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Tuesday, 7 August, 2001, 19:20 GMT 20:20 UK
Khmer Rouge leader 'wants to testify'
The former S-21 prison now houses pictures of the victims of the Khmer Rouge
S-21 prison: A place of death and now remembrance
The Khmer Rouge's chief executioner, who ran a notorious torture centre during Cambodia's genocide of the 1970s, has said he will testify in court against his former commanders.

A lawyer for Kang Kek Ieu, otherwise known as Duch, told Reuters news agency that his client would name the Khmer Rouge leaders who ordered the execution of an estimated 16,000 people at the S-21 prison in Phnom Penh.

He wants to tell the courts and the people about the truth of the Khmer Rouge regime

Lawyer for Duch
The move follows the decision by Cambodia's Constitutional Council to back the setting up of a special tribunal to prosecute members of the Khmer Rouge, who were responsible for the deaths of almost two million people in the mid-1970s.

It is unclear when the trials - to be held under joint national and United Nations auspices - will begin, but Prime Minister Hun Sen says he would like to see prosecutions by the end of the year.

UN officials have given a cautious welcome to the development, although they have warned they will back out of the whole process if it excludes key figures in the Khmer Rouge regime.

Duch and a Khmer Rouge military commander Ta Mok, who were arrested in 1999, are the only members of the Khmer Rouge in detention awaiting trial.

"Duch told me he wants to be put on trial soon," his lawyer Kar Savuth told Reuters.

Phnom Penh prison
Thousands of Cambodians lived and died in Phnom Penh prison
"He wants to talk. He wants to tell the courts and the people about the truth of the Khmer Rouge regime," he said, adding that Duch had been cheated into the killings by the leaders Pol Pot, Nuon Chea and Khieu Samphan.

The lawyer said that if Duch had refused to be the chief of the S-21 prison, the Khmer Rouge leadership would have killed him.

"When Duch joined the Khmer Rouge his aim was not to kill people, only to make a clean and just society," he added.

S-21, once a Phnom Penh high school, is now a genocide museum.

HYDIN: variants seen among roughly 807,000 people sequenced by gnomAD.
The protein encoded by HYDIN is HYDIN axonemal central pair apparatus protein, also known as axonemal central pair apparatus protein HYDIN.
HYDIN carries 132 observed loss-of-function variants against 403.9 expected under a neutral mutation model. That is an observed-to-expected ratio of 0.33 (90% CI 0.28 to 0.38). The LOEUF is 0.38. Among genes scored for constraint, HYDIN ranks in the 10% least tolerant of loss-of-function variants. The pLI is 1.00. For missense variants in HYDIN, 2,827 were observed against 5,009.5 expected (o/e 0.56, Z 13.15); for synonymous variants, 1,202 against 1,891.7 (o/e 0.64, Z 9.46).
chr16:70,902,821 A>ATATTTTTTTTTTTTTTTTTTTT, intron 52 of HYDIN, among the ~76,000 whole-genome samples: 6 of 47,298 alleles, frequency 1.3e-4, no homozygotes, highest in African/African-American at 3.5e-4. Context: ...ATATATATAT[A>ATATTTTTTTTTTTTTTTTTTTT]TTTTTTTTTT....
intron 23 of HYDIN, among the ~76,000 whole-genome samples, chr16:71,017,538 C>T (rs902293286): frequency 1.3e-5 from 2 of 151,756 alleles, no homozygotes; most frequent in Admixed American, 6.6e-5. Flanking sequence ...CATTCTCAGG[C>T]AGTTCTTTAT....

Whitewash fears

After a two-hour meeting on Monday, Cambodia's Constitutional Court cleared the way to create a court to try Khmer Rouge members.

The legislation now needs to be signed by King Norodom Sihanouk to become law, and must also be approved by the UN.

Khmer Rouge leaders
Pol Pot: Died in 1998
Ta Mok: The Butcher, captured and awaiting trial
Kang Kek: Chief executioner, in jail awaiting trial
Ieng Sary: Foreign minister, pardoned
Nuon Chea: Chief political theorist and "Brother Number Two", at liberty
Khieu Samphan: Public apologist, at liberty

The special courts will be made up of three Cambodian and two foreign judges.

But there are some who believe the trials will be a whitewash, because many of the most notorious Khmer Rouge leaders have already been given amnesty under a deal in the 1990s to end the country's long-running civil war.

The Khmer Rouge leader, Pol Pot, died in 1998.

Since the mid-1990s there has been much talk about punishing those responsible for the so-called Killing Fields, where 1.7 million people died at the hands of the Khmer Rouge between 1975 and 1978.

The BBC's Jonathan Head in Phnom Penh says there may be concerns about such trials among members of the current Cambodian Government, some of whom formerly belonged to the Khmer Rouge.

Skulls from the Killings Fields
Many Cambodians have yet to put the past behind them
Four years ago, Cambodia asked the United Nations for help in establishing a special tribunal to judge the architects of genocide, but agreement on how it should be set up and run has been elusive.

The UN wanted a panel of international judges, sitting outside Cambodia, to run the tribunal; the Cambodians wanted only local judges on the panel.

In the end, a compromise was reached.

Under the agreement, trials will be held on Cambodian soil, but the UN is insisting that international standards of justice must be met when trials begin.

But until they get to scrutinise the legislation, UN officials are not willing to give the court their stamp of approval.

BBC UN correspondent Greg Barrow says that without the world body's support, a tribunal charged with trying those responsible for some of the greatest crimes against humanity will lack international credibility.

Divisive issue

The issue of whether or not there should be prosecutions is a divisive one for Cambodia.

While some want all the top Khmer Rouge leaders who are still alive in the dock, there are others being more cautious.

Hun Sen told the BBC that if handled incorrectly, the trials might re-ignite civil war, especially if Khmer Rouge leaders who gave themselves up under the amnesty deal are prosecuted.

But in the eyes of his critics, the prime minister is simply trying to keep out of jail those who can help him politically.

The BBC's Clive Myrie
"Cambodians want justice"
UN under secretary for legal affairs Hans Correll
"There is a majority of Cambodian judges"
Cambodian human rights activist Kek Galabru
"We question whether there is real political will from the government"
See also:

07 Aug 01 | Asia-Pacific
Pol Pot's lieutenants
02 Jan 01 | Asia-Pacific
Cambodia backs genocide law
14 Apr 00 | Asia-Pacific
Pol Pot: Life of a tyrant
02 Jan 01 | Asia-Pacific
Masters of the killing fields
13 Jan 01 | From Our Own Correspondent
Cambodia: Life after death
07 Aug 01 | Asia-Pacific
Cambodia faces up to its past
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